quick on the draw

April 27, 2006

Forgive me Father, for I have sinned. I have used my power for evil, potentially scarring an impressionable youngster for life . . .
So remember when I was ranting about my students the other day? Well it seems I have crossed the threshold, discovering a new side to my mild-mannered self . . .
“My name is Anna, and I am sarcastic.”

As happens more often than I’d like to admit, I was exasperated again yesterday. How difficult can it be, I thought, to convince the 4 students not away for the college tour to quietly write an in-class essay? Tremendously difficult, apparently.
The first 15 minutes was wasted on queries as to the wording of the assignment, complaints about the loudly lecturing teacher down the hall, comments about Ms. Mabel’s latest fashion statement . . . and the like.
Managing finally to get so far as handing out papers and explaining assignments, I was then faced with a flurry of questions as to the particulars of the story’s plot, characters, theme, conflict, and various other questions rightly belonging in the private lines of each student’s essay. So I told them as much. Several times. Finally the room quieted down.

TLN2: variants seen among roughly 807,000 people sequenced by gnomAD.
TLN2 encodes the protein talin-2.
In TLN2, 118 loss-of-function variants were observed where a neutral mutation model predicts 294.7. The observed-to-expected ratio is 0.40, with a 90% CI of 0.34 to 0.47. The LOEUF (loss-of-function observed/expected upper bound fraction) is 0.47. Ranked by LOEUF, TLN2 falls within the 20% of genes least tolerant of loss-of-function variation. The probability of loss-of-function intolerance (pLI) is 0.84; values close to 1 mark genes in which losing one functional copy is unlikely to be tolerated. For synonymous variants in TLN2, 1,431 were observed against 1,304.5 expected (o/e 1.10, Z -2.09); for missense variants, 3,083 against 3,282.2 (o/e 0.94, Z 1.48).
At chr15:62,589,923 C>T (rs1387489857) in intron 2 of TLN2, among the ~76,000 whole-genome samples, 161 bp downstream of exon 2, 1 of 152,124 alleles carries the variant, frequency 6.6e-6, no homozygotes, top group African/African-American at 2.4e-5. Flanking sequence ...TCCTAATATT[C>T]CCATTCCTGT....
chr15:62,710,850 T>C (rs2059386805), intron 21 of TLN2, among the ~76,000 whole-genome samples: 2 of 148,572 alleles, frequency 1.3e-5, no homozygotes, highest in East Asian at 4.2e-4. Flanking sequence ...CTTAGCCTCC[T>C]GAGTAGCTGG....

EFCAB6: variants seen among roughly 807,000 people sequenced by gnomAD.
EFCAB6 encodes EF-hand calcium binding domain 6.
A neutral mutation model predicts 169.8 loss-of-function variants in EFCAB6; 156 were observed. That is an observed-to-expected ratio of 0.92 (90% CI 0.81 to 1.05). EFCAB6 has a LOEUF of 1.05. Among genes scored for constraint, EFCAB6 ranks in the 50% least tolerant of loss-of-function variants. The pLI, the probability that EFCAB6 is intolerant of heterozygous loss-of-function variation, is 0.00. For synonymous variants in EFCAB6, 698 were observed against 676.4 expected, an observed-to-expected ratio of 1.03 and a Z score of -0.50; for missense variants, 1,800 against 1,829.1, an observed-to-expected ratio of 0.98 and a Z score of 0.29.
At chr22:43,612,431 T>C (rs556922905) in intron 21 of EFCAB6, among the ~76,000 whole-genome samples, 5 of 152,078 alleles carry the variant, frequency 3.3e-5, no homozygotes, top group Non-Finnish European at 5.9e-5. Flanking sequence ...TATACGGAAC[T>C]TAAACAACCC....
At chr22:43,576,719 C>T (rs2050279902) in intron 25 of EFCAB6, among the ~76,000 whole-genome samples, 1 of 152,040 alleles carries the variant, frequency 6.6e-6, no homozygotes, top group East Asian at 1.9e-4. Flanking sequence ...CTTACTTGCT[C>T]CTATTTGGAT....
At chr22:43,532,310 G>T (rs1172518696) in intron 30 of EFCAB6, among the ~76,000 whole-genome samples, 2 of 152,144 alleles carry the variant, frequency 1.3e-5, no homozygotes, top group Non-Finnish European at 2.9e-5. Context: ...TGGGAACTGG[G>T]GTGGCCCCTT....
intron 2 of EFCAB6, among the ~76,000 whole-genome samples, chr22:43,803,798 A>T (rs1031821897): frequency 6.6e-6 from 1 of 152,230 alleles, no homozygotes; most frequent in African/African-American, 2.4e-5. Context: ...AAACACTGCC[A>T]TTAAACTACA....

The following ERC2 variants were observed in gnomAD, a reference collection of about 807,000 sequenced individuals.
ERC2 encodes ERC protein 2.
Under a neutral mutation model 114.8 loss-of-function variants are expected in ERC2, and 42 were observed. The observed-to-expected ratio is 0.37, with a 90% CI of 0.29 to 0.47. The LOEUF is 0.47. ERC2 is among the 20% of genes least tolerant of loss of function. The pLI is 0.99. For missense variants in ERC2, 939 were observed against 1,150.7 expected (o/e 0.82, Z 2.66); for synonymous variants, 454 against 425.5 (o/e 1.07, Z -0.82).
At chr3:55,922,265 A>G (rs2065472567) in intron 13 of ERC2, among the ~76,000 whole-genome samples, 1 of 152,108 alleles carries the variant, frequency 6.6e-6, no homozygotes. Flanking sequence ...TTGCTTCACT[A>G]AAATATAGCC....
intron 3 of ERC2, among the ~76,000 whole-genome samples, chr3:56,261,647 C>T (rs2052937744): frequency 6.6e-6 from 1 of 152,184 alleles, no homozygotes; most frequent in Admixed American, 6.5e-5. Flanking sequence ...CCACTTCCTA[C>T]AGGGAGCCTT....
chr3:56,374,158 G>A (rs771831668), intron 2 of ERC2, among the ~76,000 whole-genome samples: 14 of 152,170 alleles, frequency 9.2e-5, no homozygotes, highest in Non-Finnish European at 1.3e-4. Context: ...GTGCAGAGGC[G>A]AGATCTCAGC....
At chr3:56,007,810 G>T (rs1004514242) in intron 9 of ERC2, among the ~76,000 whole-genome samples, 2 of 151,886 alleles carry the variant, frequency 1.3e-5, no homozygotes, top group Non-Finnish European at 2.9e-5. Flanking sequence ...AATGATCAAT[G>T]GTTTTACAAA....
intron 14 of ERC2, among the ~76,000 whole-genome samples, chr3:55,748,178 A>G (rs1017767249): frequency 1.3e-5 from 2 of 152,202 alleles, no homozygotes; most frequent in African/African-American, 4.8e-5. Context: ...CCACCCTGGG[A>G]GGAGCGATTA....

Until Courtney forgot she was not supposed to be asking such questions anymore. She raised her head to reveal her perpetually furrowed brows and innocently wide-eyed expression and shot into the silence: “Was Jerry the one who ended up stealing the money at the end?”
Before anyone could venture a reply, I just-as-innocently said that No, that was Wally.
“Wally??” Courtney then began frantically shuffling pages until one of her classmates kindly explained that there was no Wally.
“Oh . . . ok,” And she began writing again.
Until she forgot that she was not to ask such questions. “So why did Jerry give the money back to Sally?”
Because Sally wanted to buy a bicycle for Billy.
“She did??” With a grimace of utter dismay, Courtney again began rifling through her text. A classmate kindly interjected again, and then turned to me:
Miss J—do we need to send you out into the hall?At that point laughter won out over wit, and I relinquished to my quick-tongued young student’s chiding. I was an utterly nice teacher for the rest of the class period. Promise.


Leave a Reply

Fill in your details below or click an icon to log in:

WordPress.com Logo

You are commenting using your WordPress.com account. Log Out /  Change )

Google photo

You are commenting using your Google account. Log Out /  Change )

Twitter picture

You are commenting using your Twitter account. Log Out /  Change )

Facebook photo

You are commenting using your Facebook account. Log Out /  Change )

Connecting to %s

%d bloggers like this: